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Some inconveniant facts about HC refrigerants

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  • Some inconveniant facts about HC refrigerants

    Sold as "drop in replacements" HC12a etc
    Most seam to be a mix of propane, iso butane and butane sometimes with other stuff mixed in, all are flammable.
    "well my car carries 20 gal of gas, a pound or two of refrigerant gas is nothing when compared to that"
    Here is why that statement is wrong. Gasoline is a liquid at atmospheric pressure and must first evaporate to a vapor/gasous form before mixing with air to form a combustible mixture.
    Most cars carry between 1.5 lbs and 4 lbs of refrigerant, the older R12 cars (the ones that HC12a are marketed too) tend to be on the higher end of that amount. Propane is 4.25 lbs/gal iso butane 4.6lbs/gal and butane 4.9 lbs/gal.
    So even if your system is nearer the lower end you have the gasoline equivalent about 1/2 gal of flammable gas in the system. Unlike gasoline, at atmospheric pressure those gases are in gas/vapor form and can immediately mix with air to form an explosive mixture, they don't have to evaporate from the liquid state 1st.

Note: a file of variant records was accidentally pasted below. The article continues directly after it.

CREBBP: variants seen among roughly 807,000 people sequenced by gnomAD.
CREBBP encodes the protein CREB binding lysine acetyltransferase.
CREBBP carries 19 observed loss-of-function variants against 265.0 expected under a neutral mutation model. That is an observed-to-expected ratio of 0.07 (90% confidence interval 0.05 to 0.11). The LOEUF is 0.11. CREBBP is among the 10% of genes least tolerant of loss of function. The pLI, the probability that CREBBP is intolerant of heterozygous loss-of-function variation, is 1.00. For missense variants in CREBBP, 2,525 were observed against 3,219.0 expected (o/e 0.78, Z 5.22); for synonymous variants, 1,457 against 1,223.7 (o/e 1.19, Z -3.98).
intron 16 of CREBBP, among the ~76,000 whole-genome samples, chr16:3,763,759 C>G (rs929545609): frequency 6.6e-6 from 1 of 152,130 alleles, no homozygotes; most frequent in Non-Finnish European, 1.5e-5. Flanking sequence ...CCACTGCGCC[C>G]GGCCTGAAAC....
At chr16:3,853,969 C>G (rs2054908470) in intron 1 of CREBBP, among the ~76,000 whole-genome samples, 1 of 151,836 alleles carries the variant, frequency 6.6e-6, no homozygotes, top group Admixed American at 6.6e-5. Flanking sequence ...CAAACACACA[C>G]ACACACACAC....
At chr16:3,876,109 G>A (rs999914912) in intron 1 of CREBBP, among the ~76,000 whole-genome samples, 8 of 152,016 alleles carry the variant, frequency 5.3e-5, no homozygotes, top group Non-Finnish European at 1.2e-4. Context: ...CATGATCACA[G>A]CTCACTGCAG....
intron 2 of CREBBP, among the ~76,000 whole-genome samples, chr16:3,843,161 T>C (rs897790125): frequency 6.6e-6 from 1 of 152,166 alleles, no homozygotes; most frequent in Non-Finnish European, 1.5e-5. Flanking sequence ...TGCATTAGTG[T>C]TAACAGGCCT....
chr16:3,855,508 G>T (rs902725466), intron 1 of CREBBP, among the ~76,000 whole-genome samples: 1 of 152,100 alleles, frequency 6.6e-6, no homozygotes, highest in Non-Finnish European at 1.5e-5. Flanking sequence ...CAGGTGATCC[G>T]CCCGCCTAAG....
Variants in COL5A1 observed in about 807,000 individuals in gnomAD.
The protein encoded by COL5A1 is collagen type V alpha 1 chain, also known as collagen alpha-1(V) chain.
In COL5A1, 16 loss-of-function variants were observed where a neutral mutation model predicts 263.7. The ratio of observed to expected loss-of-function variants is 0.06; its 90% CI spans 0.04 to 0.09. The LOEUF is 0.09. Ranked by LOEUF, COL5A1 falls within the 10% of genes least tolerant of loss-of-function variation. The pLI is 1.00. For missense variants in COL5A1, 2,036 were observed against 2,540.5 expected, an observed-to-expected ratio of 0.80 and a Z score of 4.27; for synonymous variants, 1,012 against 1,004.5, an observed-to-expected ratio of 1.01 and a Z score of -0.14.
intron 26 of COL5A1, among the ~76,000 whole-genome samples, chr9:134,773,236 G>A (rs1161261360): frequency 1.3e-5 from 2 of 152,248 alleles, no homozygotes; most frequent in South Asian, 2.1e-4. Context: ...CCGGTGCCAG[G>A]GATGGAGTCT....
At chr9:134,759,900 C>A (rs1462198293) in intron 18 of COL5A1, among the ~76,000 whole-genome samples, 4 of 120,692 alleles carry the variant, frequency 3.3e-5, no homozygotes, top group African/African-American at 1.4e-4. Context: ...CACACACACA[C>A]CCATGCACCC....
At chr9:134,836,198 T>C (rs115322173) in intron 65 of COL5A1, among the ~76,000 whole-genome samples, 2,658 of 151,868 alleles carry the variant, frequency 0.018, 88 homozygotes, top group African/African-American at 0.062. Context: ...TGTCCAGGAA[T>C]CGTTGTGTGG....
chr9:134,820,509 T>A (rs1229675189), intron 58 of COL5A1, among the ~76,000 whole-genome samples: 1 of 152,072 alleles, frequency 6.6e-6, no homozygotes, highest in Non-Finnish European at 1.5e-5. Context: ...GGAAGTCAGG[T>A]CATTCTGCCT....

So would you be comfortable riding in a car that someone poured 1/2 gal of gas into a pan, then heated it until it all boiled? Not me!
    I worked on gaseous fueled engines and there are a whole bunch of safeguards to prevent them from going "boom". Still, they are more dangerous than gasoline which is more than diesel.
    No sane person would dump between 1/2 and 1 gal of gasoline on the car rug and take it for a drive, but that is what you are doing with flammable gas in a pressurized system. As long as it stays in the system where air (oxygen) is excluded is is harmless, as soon as it escapes into the air, it is not. All it takes is one spark to set it off.
    A crash can rupture pipes and there are plenty of ignition sources in a crash.
    I am not here to tell you what you can and can not do, but it is my opinion that it isn't worth the risk.
    In refrigeration there are "classes" of refrigerant. It used to be there were just two "A" and "B". Class B were those that were flammable (propane) or otherwise hazardous like ammonia. Class "A" were safe for use in inhabited spaces. Since global warming and ozone became a issue, some compromises have been made and now refrigerants that are "somewhat" flammable (Class A-2) are being allowed. HC refrigerants remain in Class B as they are highly flammable.
    To use them as a replacement in say your home fridge, where the total amount is low and the amount of air in the house is large, any leak would dissipate below the flammable limits. Also home fridges don't get in high speed crashes. HC refrigerants are safe in these applications.
    Differing countries take different stands on this. Canada says it is up to you to understand the risks, and make your choice, US has been more restrictive as far as use in motor vehicles.